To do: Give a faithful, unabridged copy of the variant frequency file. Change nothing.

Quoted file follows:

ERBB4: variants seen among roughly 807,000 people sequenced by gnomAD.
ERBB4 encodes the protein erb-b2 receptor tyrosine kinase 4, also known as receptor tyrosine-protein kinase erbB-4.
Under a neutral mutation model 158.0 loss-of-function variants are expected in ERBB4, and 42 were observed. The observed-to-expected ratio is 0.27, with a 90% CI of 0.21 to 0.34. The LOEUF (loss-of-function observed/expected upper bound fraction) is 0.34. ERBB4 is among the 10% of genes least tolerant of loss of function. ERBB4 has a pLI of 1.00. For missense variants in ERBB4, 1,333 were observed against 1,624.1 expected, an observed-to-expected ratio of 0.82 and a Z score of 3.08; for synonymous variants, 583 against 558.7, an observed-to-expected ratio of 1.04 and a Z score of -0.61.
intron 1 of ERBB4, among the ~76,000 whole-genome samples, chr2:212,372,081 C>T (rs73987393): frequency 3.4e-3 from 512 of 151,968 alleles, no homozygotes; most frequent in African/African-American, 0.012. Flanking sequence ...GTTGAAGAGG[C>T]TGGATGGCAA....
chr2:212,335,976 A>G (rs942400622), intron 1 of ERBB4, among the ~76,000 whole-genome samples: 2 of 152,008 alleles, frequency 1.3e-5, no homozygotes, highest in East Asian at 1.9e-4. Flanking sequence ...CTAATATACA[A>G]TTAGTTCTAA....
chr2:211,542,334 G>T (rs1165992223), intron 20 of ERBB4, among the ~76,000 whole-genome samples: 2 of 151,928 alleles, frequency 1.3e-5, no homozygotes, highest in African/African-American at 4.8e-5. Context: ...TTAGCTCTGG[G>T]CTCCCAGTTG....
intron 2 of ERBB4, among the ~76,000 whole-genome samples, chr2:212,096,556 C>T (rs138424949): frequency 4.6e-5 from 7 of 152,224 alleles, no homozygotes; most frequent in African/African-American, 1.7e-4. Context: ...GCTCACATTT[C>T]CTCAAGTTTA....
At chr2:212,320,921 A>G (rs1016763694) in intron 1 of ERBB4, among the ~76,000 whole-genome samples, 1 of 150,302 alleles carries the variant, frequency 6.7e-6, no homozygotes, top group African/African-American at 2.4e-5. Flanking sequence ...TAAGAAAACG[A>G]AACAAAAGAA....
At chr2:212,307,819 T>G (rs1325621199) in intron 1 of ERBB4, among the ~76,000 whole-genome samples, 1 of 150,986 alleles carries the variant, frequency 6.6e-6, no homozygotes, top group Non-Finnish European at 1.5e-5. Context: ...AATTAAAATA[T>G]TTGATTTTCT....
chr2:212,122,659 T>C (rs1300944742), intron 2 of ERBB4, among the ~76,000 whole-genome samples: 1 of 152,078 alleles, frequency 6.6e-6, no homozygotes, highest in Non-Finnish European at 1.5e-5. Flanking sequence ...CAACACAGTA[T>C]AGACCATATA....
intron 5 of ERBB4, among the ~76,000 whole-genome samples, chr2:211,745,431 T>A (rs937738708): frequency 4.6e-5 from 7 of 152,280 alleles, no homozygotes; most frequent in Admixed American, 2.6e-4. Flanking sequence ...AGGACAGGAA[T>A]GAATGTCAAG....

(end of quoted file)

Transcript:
ERBB4: variants seen among roughly 807,000 people sequenced by gnomAD.
ERBB4 encodes the protein erb-b2 receptor tyrosine kinase 4, also known as receptor tyrosine-protein kinase erbB-4.
Under a neutral mutation model 158.0 loss-of-function variants are expected in ERBB4, and 42 were observed. The observed-to-expected ratio is 0.27, with a 90% CI of 0.21 to 0.34. The LOEUF (loss-of-function observed/expected upper bound fraction) is 0.34. ERBB4 is among the 10% of genes least tolerant of loss of function. ERBB4 has a pLI of 1.00. For missense variants in ERBB4, 1,333 were observed against 1,624.1 expected, an observed-to-expected ratio of 0.82 and a Z score of 3.08; for synonymous variants, 583 against 558.7, an observed-to-expected ratio of 1.04 and a Z score of -0.61.
intron 1 of ERBB4, among the ~76,000 whole-genome samples, chr2:212,372,081 C>T (rs73987393): frequency 3.4e-3 from 512 of 151,968 alleles, no homozygotes; most frequent in African/African-American, 0.012. Flanking sequence ...GTTGAAGAGG[C>T]TGGATGGCAA....
chr2:212,335,976 A>G (rs942400622), intron 1 of ERBB4, among the ~76,000 whole-genome samples: 2 of 152,008 alleles, frequency 1.3e-5, no homozygotes, highest in East Asian at 1.9e-4. Flanking sequence ...CTAATATACA[A>G]TTAGTTCTAA....
chr2:211,542,334 G>T (rs1165992223), intron 20 of ERBB4, among the ~76,000 whole-genome samples: 2 of 151,928 alleles, frequency 1.3e-5, no homozygotes, highest in African/African-American at 4.8e-5. Context: ...TTAGCTCTGG[G>T]CTCCCAGTTG....
intron 2 of ERBB4, among the ~76,000 whole-genome samples, chr2:212,096,556 C>T (rs138424949): frequency 4.6e-5 from 7 of 152,224 alleles, no homozygotes; most frequent in African/African-American, 1.7e-4. Context: ...GCTCACATTT[C>T]CTCAAGTTTA....
At chr2:212,320,921 A>G (rs1016763694) in intron 1 of ERBB4, among the ~76,000 whole-genome samples, 1 of 150,302 alleles carries the variant, frequency 6.7e-6, no homozygotes, top group African/African-American at 2.4e-5. Flanking sequence ...TAAGAAAACG[A>G]AACAAAAGAA....
At chr2:212,307,819 T>G (rs1325621199) in intron 1 of ERBB4, among the ~76,000 whole-genome samples, 1 of 150,986 alleles carries the variant, frequency 6.6e-6, no homozygotes, top group Non-Finnish European at 1.5e-5. Context: ...AATTAAAATA[T>G]TTGATTTTCT....
chr2:212,122,659 T>C (rs1300944742), intron 2 of ERBB4, among the ~76,000 whole-genome samples: 1 of 152,078 alleles, frequency 6.6e-6, no homozygotes, highest in Non-Finnish European at 1.5e-5. Flanking sequence ...CAACACAGTA[T>C]AGACCATATA....
intron 5 of ERBB4, among the ~76,000 whole-genome samples, chr2:211,745,431 T>A (rs937738708): frequency 4.6e-5 from 7 of 152,280 alleles, no homozygotes; most frequent in Admixed American, 2.6e-4. Flanking sequence ...AGGACAGGAA[T>A]GAATGTCAAG....